This setting defines the maximum number of seconds allowed for a connection in the connection re-use pool. For any connection with an age higher than this value, the BIG-IP system removes that connection from the re-use pool.
This setting specifies the maximum number of times that a server-side connection can be re-used.
This setting specifies the number of seconds that a connection is idle before the connection flow is eligible for deletion. You can use this setting to increase the timeout value for connections once they are pooled for re-use. Possible values are Disabled, Indefinite, or Specify (a numeric value that you specify).
The SIP OneConnect feature allows connection flow reuse between inbound and outbound virtual servers for UDP connections. This feature addresses common SIP client behavior where source and destination ports are both 5060.
Unlike other OneConnect profiles, the SIP OneConnect profile is activated through SIP protocol settings on the BIG-IP system. See Activating SIP OneConnect for activation information.
NT Lan Manager (NTLM) is an industry-standard technology that uses an encrypted challenge/response protocol to authenticate a user without sending the user's password over the network. Instead, the system requesting authentication performs a calculation to prove that the system has access to the secured NTLM credentials. NTLM credentials are based on data such as the domain name and user name, obtained during the interactive logon process.
The NTLM profile within BIG-IP Local Traffic Manager optimizes network performance when the system is processing NT LAN Manager traffic. When both an NTLM profile and a OneConnect profile are associated with a virtual server, the local traffic management system can take advantage of server-side connection pooling for NTLM connections.
Table 13.2 lists and describes the settings of an NTLM profile type.
This setting specifies the profile that you want to use as the parent profile. Your new profile inherits all non-custom settings and values from the parent profile specified.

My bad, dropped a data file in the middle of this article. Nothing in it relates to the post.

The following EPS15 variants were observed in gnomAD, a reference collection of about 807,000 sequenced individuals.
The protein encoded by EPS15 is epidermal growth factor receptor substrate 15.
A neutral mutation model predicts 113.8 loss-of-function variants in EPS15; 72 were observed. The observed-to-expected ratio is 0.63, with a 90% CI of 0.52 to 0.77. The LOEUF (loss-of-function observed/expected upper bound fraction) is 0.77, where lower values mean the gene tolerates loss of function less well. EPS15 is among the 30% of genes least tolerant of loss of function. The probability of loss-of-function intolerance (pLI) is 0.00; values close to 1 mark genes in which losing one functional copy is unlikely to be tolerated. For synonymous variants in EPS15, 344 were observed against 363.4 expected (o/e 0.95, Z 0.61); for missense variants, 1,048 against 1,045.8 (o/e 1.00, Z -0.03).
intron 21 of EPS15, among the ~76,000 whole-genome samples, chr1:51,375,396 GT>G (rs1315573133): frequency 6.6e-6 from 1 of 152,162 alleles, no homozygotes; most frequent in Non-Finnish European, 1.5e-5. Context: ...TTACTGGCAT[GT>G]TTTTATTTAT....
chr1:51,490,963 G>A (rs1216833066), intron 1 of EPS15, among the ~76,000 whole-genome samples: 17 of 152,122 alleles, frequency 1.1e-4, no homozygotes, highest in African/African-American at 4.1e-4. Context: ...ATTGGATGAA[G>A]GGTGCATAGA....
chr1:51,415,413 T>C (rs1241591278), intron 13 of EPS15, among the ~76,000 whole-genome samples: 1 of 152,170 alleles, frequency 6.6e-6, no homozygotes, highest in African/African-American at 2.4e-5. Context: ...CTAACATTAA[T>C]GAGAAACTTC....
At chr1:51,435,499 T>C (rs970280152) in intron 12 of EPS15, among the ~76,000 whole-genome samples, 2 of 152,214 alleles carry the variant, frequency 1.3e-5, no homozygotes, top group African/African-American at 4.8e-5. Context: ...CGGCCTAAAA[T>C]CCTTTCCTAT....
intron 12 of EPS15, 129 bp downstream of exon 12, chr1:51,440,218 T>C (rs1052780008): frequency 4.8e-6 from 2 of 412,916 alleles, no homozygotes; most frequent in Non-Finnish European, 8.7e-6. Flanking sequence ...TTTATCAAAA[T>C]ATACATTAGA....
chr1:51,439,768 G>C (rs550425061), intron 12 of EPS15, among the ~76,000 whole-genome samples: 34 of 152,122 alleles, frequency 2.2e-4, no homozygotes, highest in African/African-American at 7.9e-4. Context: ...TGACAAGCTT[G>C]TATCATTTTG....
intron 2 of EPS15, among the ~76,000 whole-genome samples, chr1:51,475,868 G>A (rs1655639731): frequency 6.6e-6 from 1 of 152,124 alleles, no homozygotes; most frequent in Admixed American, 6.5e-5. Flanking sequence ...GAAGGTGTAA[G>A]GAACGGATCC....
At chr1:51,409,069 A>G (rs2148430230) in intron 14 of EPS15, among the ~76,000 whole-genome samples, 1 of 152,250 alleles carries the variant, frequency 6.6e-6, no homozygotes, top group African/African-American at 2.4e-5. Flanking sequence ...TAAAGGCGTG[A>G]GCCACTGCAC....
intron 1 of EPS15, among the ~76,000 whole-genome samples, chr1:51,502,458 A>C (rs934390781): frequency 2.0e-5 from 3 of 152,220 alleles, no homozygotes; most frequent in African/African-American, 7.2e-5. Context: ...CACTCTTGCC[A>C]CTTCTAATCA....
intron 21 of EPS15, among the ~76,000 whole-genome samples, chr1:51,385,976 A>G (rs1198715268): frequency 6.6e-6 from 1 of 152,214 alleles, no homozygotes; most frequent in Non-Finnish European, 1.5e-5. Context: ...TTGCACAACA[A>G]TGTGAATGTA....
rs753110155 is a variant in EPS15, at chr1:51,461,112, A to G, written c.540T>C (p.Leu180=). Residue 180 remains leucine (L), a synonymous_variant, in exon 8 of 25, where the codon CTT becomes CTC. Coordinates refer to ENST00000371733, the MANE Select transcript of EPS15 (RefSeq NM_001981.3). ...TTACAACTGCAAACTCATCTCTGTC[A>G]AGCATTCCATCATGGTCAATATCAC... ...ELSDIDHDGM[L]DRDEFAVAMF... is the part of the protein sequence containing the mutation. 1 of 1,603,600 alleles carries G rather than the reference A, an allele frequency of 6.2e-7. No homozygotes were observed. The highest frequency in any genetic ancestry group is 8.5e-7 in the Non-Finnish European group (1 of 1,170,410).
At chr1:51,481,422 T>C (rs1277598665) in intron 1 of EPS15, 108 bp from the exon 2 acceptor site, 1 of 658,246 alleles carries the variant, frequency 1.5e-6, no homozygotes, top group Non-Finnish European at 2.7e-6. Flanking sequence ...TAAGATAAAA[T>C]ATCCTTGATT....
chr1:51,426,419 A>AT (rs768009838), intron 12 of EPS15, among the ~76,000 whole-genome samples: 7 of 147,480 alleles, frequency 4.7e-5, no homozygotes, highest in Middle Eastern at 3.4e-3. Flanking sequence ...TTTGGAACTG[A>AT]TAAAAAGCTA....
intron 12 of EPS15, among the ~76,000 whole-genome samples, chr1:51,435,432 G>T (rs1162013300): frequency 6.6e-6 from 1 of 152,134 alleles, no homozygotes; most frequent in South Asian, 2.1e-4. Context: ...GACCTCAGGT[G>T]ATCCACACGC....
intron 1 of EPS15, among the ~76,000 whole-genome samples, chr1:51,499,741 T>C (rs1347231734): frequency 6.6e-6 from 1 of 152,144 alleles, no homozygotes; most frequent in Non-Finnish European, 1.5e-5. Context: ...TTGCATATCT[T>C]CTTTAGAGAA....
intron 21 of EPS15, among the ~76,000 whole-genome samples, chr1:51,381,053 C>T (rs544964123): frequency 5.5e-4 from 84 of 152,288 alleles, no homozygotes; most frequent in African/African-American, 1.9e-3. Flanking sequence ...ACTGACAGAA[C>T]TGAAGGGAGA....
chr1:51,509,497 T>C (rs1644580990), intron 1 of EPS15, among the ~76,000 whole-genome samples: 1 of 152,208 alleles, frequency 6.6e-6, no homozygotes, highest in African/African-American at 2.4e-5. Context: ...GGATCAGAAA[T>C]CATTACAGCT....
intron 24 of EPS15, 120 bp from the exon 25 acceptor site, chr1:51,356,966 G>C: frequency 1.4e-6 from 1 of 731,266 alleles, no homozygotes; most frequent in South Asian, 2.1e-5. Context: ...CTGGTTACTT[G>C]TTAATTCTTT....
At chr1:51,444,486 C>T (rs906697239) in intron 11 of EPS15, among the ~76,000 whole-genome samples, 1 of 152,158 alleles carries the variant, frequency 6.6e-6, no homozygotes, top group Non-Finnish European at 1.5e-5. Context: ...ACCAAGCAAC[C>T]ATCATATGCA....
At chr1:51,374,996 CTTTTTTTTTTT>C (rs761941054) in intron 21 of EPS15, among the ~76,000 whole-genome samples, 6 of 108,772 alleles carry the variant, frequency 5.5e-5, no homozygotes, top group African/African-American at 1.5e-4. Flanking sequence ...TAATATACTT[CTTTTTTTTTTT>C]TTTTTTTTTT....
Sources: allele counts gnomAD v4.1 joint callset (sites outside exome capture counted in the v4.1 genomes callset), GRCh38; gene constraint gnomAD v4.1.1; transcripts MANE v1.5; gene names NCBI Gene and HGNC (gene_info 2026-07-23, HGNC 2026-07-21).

Specifies a cookie passphrase that the system inserts in the cookie. The default is blank, indicating that no passphrase is inserted.
The Statistics profile provides user-defined statistical counters. Each profile contains 32 settings (Field1 through Field32), which define named counters. Using a Tcl-based iRule command, you can use the names to manipulate the counters while processing traffic.
For example, you can create a profile named my_stats, which assigns the counters tot_users, cur_users, and max_users to the profile settings Field1, Field2, and Field3 respectively. You can then write an iRule named track_users, and then assign the my_stats profile and the track_users iRule to a virtual server named stats-1. Figure 13.1 shows this configuration.
In this example, the counter tot_users counts the total number of connections, the counter cur_users counts the current number of connections, and the counter max_users retains the largest value of the counter cur_users.
Note that list types are case-sensitive for pattern strings. For example, the system treats the pattern string www.f5.com differently from the pattern string www.F5.com. You can override this case sensitivity by using the Linux regexp command.
Table 13.3 lists and describes the settings of a Stream profile type.
This setting specifies the profile that you want to use as the parent profile. Your new profile inherits all non-custom settings and values from the parent profile specified.
A request logging profile gives you the ability to configure data within a log file for HTTP requests and responses, according to parameters that you specify.
For more information, see the guide titled BIG-IP® Local Traffic ManagerTM: Implementations or BIG-IP® TMOS® : Implementations.